Starving to grow: The ecology and evolution of growth curve plasticity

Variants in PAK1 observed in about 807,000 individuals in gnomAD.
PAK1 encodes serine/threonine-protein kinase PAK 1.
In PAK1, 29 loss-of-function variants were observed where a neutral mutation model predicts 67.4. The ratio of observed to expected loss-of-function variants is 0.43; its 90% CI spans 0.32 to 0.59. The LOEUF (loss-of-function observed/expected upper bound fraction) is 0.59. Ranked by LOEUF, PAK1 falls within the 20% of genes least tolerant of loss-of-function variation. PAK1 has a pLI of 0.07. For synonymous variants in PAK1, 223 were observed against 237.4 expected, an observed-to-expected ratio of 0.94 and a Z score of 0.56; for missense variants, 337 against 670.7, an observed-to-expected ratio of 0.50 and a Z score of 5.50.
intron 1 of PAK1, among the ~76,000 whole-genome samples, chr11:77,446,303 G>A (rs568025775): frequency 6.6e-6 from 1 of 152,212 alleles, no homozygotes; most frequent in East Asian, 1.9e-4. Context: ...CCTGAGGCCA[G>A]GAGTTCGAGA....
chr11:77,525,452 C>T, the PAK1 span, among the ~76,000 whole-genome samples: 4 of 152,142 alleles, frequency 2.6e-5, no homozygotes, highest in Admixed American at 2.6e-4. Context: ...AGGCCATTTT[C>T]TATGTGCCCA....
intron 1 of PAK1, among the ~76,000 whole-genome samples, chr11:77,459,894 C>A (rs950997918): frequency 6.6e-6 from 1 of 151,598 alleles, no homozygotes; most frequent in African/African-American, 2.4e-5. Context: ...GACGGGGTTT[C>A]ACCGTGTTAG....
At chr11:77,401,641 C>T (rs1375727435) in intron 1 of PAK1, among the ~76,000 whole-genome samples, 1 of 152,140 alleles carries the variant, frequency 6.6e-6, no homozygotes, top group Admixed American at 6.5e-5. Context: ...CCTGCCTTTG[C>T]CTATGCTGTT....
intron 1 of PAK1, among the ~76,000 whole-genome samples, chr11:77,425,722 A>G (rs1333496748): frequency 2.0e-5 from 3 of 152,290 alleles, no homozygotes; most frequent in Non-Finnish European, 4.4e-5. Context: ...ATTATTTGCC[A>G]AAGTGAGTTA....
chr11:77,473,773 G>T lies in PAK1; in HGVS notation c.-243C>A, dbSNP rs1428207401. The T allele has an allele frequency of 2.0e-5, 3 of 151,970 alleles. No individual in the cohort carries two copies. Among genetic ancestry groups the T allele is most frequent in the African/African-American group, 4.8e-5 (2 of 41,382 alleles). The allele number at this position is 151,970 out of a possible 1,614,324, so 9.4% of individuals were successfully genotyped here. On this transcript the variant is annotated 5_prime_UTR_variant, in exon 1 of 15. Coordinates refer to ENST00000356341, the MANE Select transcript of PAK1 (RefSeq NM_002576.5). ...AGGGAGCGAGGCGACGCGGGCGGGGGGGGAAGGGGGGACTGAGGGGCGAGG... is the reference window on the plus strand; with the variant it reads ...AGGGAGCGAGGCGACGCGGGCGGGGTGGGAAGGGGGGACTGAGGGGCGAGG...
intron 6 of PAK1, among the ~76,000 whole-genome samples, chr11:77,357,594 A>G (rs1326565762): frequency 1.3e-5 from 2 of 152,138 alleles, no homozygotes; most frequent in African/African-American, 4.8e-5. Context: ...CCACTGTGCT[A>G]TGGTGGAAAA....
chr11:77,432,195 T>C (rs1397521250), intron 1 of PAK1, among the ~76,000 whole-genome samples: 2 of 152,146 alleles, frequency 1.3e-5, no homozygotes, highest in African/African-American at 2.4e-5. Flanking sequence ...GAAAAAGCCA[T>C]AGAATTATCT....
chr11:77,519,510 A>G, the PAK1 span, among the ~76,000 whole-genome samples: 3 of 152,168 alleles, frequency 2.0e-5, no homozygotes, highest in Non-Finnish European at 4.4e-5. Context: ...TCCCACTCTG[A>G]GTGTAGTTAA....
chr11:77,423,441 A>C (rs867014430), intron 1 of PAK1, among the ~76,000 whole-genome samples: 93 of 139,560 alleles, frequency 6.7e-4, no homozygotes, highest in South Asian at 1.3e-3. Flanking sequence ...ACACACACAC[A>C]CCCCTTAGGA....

All organisms grow in size throughout their life. Some species display a largely constant growth curve, while the growth curve of other species is largely plastic and therefore strongly depends on environmental factors such as the resource availability. This thesis explores how the level of growth curve plasticity affects the ecological and evolutionary dynamics of a population. On the individual level, growth curve plasticity is tightly intertwined with the energy allocation schemes of an individual and the energetic trade-offs between growth, reproduction and maintenance. This is modeled using a simple dynamic energy budget model. Fluctuations in the environment accumulate in the size of individuals if growth is largely plastic. As a consequence, the level of growth curve plasticity strongly influences the size-structure of a population. This size-structure can therefore contain valuable information about the environmental limitations experienced by a population. The first part of this thesis explores how this information can be deduced from size measurements of individuals from natural populations such as North Sea fish stocks. The second part of this thesis uses size-structured models to show that the dynamics of a population is driven by limitations in either growth or reproduction. These two regimes show differences in the population structure, the occurrence and type of population dynamic cycles, the effects of harvesting and optimal fishing strategies. Overall, this thesis shows that the level of growth curve plasticity should be considered when exploring the dynamics of structured populations on any level of biological organization.